Another thing that can make Debian uniquely difficult is its strict policy on proprietary software, which extends to drivers. As such, you might find yourself in a situation where you must install a few extra drivers yourself, to get things working. Compare this to more consumer-focused operating systems, which supply them for you.
Unsurprisingly, the oldest Linux operating system, Slackware, is a little tricky to set up. Though a step up from Debian in terms of difficulty, it provides plenty of documentation in its setup disc, and installs a usable base system for you by itself. It doesn’t even require an internet connection to get running!
Like Debian (and unlike easier Linux operating systems like Mint), you’re given plenty of choices during the installation process. Not only can you choose what groups of software packages you want to have by default, but also exclude entries that you don’t need as well.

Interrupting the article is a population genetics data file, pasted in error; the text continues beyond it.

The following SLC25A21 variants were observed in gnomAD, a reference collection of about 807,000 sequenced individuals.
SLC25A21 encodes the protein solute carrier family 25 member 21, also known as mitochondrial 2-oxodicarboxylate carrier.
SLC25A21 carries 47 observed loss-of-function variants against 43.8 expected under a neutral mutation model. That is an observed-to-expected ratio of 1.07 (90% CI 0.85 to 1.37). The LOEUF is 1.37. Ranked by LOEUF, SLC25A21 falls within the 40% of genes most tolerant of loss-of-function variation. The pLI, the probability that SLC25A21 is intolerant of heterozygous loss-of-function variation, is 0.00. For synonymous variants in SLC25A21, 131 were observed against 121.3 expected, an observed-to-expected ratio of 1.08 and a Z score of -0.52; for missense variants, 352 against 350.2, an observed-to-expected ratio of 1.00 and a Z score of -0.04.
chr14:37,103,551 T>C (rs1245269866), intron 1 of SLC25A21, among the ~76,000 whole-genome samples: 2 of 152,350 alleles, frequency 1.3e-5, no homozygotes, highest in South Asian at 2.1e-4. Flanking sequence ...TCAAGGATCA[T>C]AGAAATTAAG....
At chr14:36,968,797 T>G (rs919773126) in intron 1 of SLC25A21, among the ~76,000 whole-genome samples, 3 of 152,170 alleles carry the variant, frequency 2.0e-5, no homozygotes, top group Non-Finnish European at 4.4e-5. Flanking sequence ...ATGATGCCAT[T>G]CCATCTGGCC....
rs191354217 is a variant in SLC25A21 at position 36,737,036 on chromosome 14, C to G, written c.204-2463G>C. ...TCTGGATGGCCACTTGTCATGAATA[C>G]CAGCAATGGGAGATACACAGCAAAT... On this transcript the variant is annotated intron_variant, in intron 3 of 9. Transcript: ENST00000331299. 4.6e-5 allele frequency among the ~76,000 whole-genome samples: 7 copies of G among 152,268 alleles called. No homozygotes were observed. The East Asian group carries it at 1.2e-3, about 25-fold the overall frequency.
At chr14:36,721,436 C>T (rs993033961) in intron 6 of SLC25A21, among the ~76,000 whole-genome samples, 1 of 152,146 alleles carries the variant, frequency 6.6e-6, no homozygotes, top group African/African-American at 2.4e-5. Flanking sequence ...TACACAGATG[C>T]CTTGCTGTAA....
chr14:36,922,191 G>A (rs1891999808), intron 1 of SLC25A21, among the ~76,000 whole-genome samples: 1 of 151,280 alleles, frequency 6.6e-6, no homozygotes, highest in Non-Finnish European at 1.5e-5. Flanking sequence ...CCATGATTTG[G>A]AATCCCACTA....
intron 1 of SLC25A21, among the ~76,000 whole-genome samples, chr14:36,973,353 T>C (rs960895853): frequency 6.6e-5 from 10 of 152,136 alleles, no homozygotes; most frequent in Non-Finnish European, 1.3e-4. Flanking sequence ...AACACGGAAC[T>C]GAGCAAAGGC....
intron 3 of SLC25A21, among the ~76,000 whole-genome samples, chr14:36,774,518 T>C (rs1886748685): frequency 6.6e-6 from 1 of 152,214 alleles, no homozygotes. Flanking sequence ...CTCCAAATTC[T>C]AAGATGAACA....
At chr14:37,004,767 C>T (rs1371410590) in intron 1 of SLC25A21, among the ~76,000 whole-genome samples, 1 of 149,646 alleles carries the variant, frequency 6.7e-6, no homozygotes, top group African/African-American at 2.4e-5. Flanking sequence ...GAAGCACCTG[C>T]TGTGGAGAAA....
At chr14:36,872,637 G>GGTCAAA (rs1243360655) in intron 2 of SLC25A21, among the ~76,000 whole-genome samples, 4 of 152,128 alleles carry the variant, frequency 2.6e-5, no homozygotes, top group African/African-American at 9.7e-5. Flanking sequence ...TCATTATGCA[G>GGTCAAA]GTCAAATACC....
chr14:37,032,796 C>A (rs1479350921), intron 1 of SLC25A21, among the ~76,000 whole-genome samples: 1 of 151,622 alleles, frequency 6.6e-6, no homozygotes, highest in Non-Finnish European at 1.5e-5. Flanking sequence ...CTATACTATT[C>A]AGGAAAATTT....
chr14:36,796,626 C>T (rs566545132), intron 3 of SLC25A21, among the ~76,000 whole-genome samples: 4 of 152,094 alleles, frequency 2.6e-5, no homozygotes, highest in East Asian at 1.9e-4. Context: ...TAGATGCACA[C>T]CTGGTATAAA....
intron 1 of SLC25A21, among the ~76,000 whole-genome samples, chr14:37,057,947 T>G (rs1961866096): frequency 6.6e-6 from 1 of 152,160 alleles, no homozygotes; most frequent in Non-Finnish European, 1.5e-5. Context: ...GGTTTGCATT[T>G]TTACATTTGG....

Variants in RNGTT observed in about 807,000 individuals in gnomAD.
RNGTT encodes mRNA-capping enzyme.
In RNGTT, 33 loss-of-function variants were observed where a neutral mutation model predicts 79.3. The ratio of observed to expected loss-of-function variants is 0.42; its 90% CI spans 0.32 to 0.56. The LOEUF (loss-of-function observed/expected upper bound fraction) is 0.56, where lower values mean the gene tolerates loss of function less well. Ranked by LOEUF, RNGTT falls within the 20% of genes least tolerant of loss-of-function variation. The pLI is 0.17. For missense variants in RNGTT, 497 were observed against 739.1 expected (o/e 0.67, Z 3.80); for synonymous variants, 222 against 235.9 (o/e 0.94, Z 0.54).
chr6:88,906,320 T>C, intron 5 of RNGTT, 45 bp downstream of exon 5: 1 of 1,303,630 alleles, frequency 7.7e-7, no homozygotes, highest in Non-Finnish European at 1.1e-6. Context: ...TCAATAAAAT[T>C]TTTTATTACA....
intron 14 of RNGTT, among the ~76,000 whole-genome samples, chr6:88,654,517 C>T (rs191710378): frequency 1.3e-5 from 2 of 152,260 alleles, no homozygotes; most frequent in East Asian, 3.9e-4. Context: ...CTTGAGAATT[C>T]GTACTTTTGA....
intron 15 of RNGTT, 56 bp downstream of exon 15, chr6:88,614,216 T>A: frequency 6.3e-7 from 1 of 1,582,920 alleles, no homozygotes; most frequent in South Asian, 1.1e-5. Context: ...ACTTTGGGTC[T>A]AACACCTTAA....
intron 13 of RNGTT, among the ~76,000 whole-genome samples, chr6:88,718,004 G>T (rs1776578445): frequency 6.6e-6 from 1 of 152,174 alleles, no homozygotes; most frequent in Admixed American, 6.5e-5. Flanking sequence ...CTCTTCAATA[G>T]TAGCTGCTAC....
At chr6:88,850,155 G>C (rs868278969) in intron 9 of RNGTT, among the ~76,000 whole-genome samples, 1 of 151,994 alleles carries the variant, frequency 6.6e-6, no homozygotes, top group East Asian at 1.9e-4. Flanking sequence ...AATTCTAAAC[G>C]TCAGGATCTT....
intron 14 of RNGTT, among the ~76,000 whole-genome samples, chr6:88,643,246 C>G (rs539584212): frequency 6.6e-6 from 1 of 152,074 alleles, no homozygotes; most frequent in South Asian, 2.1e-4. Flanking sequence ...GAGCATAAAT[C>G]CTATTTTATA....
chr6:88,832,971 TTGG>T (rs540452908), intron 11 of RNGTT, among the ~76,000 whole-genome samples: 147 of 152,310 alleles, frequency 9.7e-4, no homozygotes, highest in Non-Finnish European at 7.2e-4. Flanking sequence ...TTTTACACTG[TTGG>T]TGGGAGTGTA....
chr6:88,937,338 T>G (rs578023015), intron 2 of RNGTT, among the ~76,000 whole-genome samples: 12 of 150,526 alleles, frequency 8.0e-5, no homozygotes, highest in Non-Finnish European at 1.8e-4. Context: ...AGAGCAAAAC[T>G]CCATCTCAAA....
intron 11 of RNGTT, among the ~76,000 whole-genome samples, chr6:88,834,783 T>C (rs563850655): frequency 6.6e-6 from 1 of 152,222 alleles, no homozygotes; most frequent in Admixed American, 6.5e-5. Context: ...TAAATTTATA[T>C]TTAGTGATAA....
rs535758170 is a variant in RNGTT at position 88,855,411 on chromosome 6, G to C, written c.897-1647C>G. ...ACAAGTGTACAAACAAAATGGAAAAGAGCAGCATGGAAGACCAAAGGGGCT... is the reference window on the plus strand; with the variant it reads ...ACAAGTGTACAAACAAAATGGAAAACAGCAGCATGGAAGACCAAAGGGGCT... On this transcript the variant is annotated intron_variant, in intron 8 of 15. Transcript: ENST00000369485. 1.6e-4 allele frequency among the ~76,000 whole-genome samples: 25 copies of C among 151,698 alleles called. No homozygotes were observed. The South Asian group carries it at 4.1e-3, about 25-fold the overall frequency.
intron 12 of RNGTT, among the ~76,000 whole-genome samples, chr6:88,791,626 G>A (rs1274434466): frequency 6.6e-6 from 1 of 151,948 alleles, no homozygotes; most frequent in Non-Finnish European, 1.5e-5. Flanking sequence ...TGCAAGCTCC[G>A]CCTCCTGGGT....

As a result of this however, you may also need to know what each package does, and why they’re important. While it’s tempting to exclude as much as you can, it also increases the chance of making an unusable system.
Another thing that makes Slackware a bit more difficult is that you need to first manually partition your hard disk drive using either the fdisk or cfdisk command-line tool. One could also do this in a different tool, but these are the tools Slackware provides users with.
All this being said, it’s a gentle slope up from Debian. You’re basically given multiple command-line tools to set up Slackware, rather than the single, graphical one that Debian provides. And compared to the Linux operating systems below, it’s by much easier to install.
The NuTyX Linux operating system is aimed towards users who desire flexibility and power. That by itself should send a few warning bells to people not very interested in those sorts of things. Like Arch Linux, it comes at a price: a steeper learning curve.
Unlike Arch, you’re still given some form of graphical interaction in its installer, similar to Slackware. However, it does a little less in comparison, which may be difficult for some to handle. If you want to install a desktop environment, you’ll need to know how to use its package manager, after the basic installation process.